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Nadella's Karmagate howler was response to MICROSOFT BOARD DIRECTOR – report

Firm to take hard look at pay culture, says Maria Klawe

Satya Nadella

Satya Nadalla’s Karmagate will spark an examination at the highest levels within Microsoft of women’s pay and its corporate culture.

That’s according to computer scientist Maria Klawe, the person whose softball questioning of Microsoft’s CEO at a women-in-tech event saw Nadella land himself in hot water last week.

Klawe is reported to have told Reuters that pay practices and attitudes to women are “still open to question” at the software giant and that they “will be likely be taken up at the board level".

Klawe joined Microsoft as a board director five years ago and believes the issue of pay rises for women has not been discussed by her senior colleagues.

“I suspect it might be now,” she told Reuters.

She was speaking following the backlash against Nadella following the comments he made at a women in tech event hosted by Klawe last week.

At the Grace Hopper Celebration of Women in Computing last week, Klawe asked Nadella to give his advice for women uncomfortable asking for pay rises.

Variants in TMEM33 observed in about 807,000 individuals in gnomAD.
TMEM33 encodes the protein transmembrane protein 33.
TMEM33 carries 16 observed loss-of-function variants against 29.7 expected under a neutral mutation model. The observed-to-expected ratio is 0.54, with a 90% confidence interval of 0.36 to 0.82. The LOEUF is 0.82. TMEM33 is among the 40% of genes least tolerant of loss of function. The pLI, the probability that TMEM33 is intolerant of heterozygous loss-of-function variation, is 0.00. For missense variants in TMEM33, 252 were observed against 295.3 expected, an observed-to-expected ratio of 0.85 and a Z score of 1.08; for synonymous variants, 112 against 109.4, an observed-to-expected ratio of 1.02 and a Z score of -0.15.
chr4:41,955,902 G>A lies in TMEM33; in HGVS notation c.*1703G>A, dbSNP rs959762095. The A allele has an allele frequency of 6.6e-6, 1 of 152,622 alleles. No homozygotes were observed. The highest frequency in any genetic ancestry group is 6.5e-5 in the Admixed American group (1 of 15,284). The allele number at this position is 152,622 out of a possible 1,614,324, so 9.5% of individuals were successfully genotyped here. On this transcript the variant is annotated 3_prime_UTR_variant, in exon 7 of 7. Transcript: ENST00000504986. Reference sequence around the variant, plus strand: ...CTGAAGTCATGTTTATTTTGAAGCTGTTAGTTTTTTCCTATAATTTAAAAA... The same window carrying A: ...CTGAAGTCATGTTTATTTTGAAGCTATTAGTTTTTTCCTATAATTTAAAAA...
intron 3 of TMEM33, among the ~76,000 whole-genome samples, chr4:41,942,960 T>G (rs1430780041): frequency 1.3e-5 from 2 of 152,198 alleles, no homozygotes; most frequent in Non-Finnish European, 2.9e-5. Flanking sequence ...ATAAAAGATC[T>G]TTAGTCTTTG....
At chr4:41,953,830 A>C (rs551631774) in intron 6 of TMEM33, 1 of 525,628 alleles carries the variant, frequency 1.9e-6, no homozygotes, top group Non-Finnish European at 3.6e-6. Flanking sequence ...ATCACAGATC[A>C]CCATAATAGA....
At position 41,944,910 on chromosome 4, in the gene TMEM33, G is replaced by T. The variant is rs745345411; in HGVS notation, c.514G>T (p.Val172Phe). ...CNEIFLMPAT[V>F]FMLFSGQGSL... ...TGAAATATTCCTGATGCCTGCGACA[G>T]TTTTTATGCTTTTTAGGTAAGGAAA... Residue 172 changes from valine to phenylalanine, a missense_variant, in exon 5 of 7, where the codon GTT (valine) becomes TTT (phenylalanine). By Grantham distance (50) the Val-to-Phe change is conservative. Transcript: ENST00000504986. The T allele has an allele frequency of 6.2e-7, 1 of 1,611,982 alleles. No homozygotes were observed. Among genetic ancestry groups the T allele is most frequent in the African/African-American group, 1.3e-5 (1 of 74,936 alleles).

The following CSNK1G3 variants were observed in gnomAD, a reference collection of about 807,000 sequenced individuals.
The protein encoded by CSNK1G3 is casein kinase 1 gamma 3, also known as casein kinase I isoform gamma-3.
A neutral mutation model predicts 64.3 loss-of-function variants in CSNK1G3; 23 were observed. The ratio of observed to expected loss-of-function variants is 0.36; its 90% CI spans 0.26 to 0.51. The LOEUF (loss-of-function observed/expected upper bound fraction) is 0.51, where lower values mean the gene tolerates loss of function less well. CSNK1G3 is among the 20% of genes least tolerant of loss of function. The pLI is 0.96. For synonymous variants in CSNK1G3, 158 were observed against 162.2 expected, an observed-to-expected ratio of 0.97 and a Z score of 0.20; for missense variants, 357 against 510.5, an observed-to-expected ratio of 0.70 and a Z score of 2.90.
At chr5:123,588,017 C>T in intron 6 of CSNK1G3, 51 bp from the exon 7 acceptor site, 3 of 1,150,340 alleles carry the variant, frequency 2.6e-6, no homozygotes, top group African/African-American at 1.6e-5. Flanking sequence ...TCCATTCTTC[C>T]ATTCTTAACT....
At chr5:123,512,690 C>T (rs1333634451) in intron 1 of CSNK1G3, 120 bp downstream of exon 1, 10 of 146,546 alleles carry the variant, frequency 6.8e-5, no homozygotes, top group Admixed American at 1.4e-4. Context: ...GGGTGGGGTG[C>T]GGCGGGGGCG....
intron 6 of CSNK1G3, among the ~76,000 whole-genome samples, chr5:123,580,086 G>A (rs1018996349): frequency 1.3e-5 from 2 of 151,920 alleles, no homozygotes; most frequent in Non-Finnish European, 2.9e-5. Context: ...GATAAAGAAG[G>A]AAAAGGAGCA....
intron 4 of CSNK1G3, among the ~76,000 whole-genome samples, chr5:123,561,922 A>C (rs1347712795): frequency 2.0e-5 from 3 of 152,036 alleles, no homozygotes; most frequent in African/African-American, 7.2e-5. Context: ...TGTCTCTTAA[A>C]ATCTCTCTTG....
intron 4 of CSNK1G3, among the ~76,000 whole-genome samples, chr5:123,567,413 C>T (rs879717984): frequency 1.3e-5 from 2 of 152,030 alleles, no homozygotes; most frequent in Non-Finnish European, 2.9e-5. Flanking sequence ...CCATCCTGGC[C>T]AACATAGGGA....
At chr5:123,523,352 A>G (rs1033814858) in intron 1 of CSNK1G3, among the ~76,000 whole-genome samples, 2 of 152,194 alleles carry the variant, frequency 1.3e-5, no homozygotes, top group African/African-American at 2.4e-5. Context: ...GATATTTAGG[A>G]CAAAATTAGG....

“That might be one of the initial ‘super powers,’ that quite frankly women [who] don’t ask for a raise have,” came the jaw-dropping reply. “It’s good karma. It will come back.”

He said women should have faith in the system to see them right.

Nadella afterwards proceeded to backtrack on Twitter and via PR, saying he’d been “inarticulate” while also championing work to close the gender pay gap.

But Klawe, a former dean of the School of Engineering and Applied Science at Princeton, wasn’t buying it in her conversation with Reuters. “He blew that question," she told the wire. "He's retracted it. I think it's going to take us all to a better place. I'm pretty sure he's going to be thinking really hard about pay equity."

Klawe, a long-time campaigner for women in tech - is one of three women on Microsoft’s 12-person board of directors. The others are Kraft Foods Group chief financial officer Teri List-Stoll, who was appointed in September and took her seat at the start of this month and Dina Dublon – who is also on the boards of PepsiCo and Accenture and is the former chief financial officer of JPMorgan Chase & Co.

It was Klawe, currently the president of the liberal Harvey Mudd College, who personally persuaded Nadella to attend her institution’s Grace Hopper event last week. He is the first man to headline the annual event, which celebrates women's achievement in computing. ®

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